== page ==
The Truth? Few Muslims in Government
When Minnesota Republican Rep. Michele Bachmann and a group of colleagues called for a probe into “security concerns” over the employment of several Muslims in top government positions, Democrats and Republicans joined in condemning the call and in accusing those behind it of Islamophobia.
Yet, shining the spotlight on the issue of Muslim Americans in senior federal government positions also revealed a little-noticed truth: There aren’t many of them. In fact, less than a handful of Muslims hold top posts, and in general, activists believe, Muslim Americans are underrepresented in the civil service.
“Most Muslims in government are at the more junior levels,” said Haris Tarin, Washington office director of the Muslim Public Affairs Council. “There is no one in Cabinet level, no one at the deputy secretary level.”’
Muslims in America have been growing in numbers over the past decade. According to a recent study by the Association of Statisticians of American Religious Bodies, 2.6 million Muslims were living in America in 2010. This is roughly in line with a study produced by the Pew Research Center last year that also found that 63% of American Muslims were first-generation immigrants.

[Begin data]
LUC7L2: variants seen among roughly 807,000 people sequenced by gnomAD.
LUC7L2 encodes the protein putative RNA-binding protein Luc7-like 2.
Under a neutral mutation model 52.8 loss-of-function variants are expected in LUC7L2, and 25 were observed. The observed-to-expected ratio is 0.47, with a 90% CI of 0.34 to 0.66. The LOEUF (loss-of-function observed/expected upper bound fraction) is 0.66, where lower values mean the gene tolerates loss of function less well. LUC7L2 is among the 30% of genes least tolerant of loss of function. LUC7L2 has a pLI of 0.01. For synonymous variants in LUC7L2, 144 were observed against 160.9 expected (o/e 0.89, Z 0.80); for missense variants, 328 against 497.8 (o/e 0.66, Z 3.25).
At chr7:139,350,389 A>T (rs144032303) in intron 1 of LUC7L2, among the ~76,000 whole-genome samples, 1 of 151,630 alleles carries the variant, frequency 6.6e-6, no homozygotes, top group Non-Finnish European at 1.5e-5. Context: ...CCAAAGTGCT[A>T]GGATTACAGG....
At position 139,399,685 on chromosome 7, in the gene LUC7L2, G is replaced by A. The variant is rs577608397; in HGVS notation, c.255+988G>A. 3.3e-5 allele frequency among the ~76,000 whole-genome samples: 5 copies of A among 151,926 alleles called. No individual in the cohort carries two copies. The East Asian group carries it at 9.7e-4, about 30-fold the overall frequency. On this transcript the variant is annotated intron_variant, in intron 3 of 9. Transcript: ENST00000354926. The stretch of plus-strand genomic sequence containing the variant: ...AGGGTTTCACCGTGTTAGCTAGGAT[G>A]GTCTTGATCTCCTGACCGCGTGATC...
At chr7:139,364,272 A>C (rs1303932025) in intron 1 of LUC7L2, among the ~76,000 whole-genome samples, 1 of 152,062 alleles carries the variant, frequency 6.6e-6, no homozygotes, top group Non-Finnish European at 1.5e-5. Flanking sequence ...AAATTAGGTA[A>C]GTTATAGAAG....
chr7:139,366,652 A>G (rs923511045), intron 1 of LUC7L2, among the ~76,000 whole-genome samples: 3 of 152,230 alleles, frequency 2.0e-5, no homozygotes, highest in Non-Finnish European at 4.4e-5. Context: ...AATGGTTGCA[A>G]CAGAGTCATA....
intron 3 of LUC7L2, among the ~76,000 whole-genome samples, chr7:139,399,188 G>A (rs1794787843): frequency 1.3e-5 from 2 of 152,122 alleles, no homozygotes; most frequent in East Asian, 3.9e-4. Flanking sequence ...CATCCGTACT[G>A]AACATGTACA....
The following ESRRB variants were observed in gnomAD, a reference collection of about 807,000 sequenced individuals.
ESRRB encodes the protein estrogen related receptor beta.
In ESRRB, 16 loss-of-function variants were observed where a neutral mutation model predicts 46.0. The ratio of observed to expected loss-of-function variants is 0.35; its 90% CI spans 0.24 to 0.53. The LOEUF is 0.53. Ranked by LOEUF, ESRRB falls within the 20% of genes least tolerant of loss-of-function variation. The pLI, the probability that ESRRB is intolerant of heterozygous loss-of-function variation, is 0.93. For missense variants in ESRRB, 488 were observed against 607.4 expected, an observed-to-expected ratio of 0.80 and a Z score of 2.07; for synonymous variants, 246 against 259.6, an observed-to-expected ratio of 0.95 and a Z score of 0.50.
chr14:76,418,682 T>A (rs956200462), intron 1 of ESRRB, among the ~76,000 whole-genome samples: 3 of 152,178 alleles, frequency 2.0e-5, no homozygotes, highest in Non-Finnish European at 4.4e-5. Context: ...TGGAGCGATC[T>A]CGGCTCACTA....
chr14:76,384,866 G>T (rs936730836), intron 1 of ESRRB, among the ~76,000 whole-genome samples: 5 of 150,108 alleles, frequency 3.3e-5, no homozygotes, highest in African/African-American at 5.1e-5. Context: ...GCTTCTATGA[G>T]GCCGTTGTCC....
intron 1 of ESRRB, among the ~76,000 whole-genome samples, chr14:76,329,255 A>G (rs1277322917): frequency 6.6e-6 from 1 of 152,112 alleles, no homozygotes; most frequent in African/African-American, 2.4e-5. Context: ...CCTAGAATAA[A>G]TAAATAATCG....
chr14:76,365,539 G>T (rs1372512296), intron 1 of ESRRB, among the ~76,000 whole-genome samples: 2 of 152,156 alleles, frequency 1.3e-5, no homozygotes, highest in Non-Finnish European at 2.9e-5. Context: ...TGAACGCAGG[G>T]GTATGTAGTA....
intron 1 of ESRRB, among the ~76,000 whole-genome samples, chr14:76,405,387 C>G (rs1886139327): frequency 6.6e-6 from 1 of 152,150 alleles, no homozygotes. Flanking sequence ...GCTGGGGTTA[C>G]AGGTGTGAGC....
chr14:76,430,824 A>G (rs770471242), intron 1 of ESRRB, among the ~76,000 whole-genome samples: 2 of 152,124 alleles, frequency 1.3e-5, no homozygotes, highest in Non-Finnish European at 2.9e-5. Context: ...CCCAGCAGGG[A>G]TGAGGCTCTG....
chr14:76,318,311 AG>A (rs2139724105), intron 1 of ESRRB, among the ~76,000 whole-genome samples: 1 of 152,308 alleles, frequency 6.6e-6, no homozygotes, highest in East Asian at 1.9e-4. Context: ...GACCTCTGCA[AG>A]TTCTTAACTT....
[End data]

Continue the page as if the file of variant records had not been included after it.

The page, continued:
Yet, Muslims in senior federal positions are still a rarity. Currently, the most noted ones in the Obama administration include Huma Abedin, deputy chief of staff to Secretary of State Hillary Rodham Clinton (and wife of former New York Rep. Anthony Weiner); Rashad Hussain, who is America’s special envoy to the Organization of Islamic Cooperation, and Farah Pandith, the State Department’s special representative to Muslim communities. Two out of 535 members of Congress are also Muslim, both Democrats: Keith Ellison of Minnesota, and Indiana’s André Carson. Several other Muslims serve on federal advisory boards, including Dalia Mogahed, who advised the White House office of faith-based and neighborhood initiatives, and Mohamed Elibiary, who has consulted for the Department of Homeland Security.